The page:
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ChuckelsNoSmut-Goreisms  tomjoh-@msn.com
 Oct 12, 2000 18:35 PDT 

This is your ChuckelsNoSmut for 10/12/2000.

I will never send jokes you cannot tell in church.

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The below was sent to me by Ted Annibal.

Thanks, Ted.


To keep everybody informed about the issues in the Presidential race

Good afternoon. I'm Al Gore, and I'd like to tell you about myself. I
know a lot about hardship, because I came into this world as a poor
black child in a tiny town in the backwoods of Tennessee. I was born in
a log cabin that I built with my own hands. I taught myself to read by
candlelight and helped support my 16 brothers and sisters by working
summers as a deck hand on a Mississippi River steamboat. My mother taught
me the value of education, so every day, I would walk 5 miles to
a one-room schoolhouse. I was a mischievous, fun loving scamp, though
I never dreamed that one day, my youthful escapades would serve as the
inspiration for "Huckleberry Finn."

Back then, black folks in the south were second-class citizens. One
day, a traveling minister came through town, and I asked him if anyone was
ever going to do something to guarantee civil rights for all Americans.
Well, I guess I made an impression. You see, the minister's name was
Martin Luther King, Jr.

My father was a United States Senator. He once perched me on his knee
and said, "Son, if you work hard and listen to your mama, someday you
can live in a hotel in Washington, D.C., and go to an exclusive prep
school." But a life of privilege was not for me. After getting my high
school diploma, I took a job in a hot, dirty textile mill. I was so
appalled at the treatment of the workers there that I organized a
union. Later, that experience inspired a movie - which is why, to this=
day, my
close friends at the AFL-CIO call me "Norma Rae."

When word got out what an 18-year-old factory worker had done, Harvard
called and offered me a scholarship. I captained the hockey team to
four consecutive national championships, but I also played football and was
good enough to win the Heisman Trophy. During my college years, I lived
in a housing project and moonlighted playing lead guitar for a little
rock band. You may have heard of it--the Rolling Stones. But there was a
war going on, and I felt I had to serve my country. So I enlisted in
the U.S. Army and went to Vietnam. I was deeply opposed to the war, but I
did my duty as a soldier and came back home with the Medal of Honor and
the Croix de Guerre.

When I got back, I took a long journey across this great land of ours.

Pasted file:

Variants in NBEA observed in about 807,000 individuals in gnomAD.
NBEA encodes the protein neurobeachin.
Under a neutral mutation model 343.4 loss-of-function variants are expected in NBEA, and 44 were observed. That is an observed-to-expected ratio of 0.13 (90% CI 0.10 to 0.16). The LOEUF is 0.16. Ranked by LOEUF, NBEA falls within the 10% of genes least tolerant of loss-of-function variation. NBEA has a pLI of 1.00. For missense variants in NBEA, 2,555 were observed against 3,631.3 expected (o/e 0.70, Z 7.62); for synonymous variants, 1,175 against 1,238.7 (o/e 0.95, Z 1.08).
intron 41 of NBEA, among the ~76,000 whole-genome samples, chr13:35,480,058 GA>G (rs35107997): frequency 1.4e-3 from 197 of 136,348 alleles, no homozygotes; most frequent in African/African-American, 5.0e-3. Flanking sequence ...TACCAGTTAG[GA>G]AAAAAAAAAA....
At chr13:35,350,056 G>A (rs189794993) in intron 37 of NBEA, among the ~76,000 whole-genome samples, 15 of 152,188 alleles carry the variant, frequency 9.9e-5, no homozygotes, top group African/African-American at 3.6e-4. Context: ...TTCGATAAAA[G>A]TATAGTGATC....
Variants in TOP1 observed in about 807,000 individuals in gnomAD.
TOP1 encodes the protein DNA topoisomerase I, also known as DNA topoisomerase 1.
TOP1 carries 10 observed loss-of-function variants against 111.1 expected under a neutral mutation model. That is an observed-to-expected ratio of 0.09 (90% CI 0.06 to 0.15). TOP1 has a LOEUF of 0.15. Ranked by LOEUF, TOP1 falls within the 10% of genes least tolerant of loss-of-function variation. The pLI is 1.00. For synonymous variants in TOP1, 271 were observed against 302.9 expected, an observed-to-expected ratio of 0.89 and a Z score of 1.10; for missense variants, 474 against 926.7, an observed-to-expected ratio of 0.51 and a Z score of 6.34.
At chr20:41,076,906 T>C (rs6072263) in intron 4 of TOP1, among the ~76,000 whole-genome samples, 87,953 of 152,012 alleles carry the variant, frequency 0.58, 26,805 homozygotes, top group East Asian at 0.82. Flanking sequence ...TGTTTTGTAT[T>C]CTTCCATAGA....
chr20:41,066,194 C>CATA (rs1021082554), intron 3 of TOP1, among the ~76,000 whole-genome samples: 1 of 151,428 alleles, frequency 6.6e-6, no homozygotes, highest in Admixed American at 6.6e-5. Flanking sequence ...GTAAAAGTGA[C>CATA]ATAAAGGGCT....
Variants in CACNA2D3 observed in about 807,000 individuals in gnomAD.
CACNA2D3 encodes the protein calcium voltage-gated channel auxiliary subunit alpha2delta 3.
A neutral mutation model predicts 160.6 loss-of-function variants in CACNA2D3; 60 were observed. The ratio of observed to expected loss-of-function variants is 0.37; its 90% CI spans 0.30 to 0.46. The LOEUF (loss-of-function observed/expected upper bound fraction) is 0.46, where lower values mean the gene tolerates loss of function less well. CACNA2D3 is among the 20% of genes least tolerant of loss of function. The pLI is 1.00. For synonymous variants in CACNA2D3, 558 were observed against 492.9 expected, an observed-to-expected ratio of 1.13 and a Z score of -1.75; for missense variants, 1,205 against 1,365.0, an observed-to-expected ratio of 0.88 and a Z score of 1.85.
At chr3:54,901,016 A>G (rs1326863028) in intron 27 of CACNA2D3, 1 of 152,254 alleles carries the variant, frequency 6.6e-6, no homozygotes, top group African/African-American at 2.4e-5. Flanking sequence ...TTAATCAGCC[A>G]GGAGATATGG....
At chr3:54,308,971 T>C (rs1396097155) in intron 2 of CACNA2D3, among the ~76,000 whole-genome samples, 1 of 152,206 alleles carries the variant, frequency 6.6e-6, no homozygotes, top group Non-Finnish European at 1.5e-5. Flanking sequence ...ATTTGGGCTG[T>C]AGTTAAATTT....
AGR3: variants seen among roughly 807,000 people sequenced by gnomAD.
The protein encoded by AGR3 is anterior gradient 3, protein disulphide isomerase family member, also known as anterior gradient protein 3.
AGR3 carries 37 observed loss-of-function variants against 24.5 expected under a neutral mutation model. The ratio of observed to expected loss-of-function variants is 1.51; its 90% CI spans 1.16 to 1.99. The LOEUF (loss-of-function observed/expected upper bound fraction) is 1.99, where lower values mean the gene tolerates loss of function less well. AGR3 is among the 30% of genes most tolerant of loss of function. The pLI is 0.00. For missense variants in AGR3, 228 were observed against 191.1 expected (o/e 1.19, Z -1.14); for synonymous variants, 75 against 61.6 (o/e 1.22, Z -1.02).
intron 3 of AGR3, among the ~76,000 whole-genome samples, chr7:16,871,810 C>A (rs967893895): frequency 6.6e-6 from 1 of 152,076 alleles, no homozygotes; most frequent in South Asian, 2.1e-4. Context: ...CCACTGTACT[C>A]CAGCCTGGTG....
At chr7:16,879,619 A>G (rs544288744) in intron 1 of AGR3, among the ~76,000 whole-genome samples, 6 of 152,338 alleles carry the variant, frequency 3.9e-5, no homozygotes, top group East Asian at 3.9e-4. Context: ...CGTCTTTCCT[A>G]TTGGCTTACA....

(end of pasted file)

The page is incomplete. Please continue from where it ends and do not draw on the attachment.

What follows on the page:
I've crossed the deserts bare, man, I've breathed the mountain air,
man, I've traveled, done my share, man, I've been everywhere. And the
people I met at truck stops and campgrounds and homeless shelters on
that journey all said the same thing: "Al, we need you in Washington." I
knew they were right, but first I had to take care of some other
business---building the World Trade Center, founding the Audubon
Society, doing the clinical research that proved smoking caused cancer,
and coming up with the recipe for Mrs. Field's chocolate chip cookies.

Finally, I deferred to the demands of the people of Tennessee and
allowed them to elect me to the House of Representatives and the
Senate. And then one winter day nearly nine years ago, for no particular
reason, I answered the call of the people once again and took the oath of
office as Vice President of the United States.

Since then, I've been part of the most successful administration in
American history. Many times Bill Clinton had been pondering some grave
decision and asked me what to do. And when I would share my thoughts
with him, he would invariably say, "Of course. That's brilliant. Why
didn't I think of that?" During the darkest days of the impeachment
battle, the president told me he only wished he had listened when I
told him to stay away from that dark-haired intern. So after I decided to
run for president, I sat down with him and asked if he had any suggestions
about how to conduct my campaign. And Bill Clinton gave me a few simple
words of advice - words I'll never forget. He looked me in the eye and he
said, "Al, just tell the truth, it's always worked for me."


There are a lot of folks that can't understand how we ran out of oil
here in the U.S.A.. Well, here's the answer, it's simple--- nobody
bothered to check the oil. They didn't know that we were getting low
&> of course, the reason for that is geographical. All the oil is in
Texas, Oklahoma & Alaska & all the dipsticks are in Washington, D.C.

Thanks Loraine Dale

Til next time,

Maybe even tomorrow.


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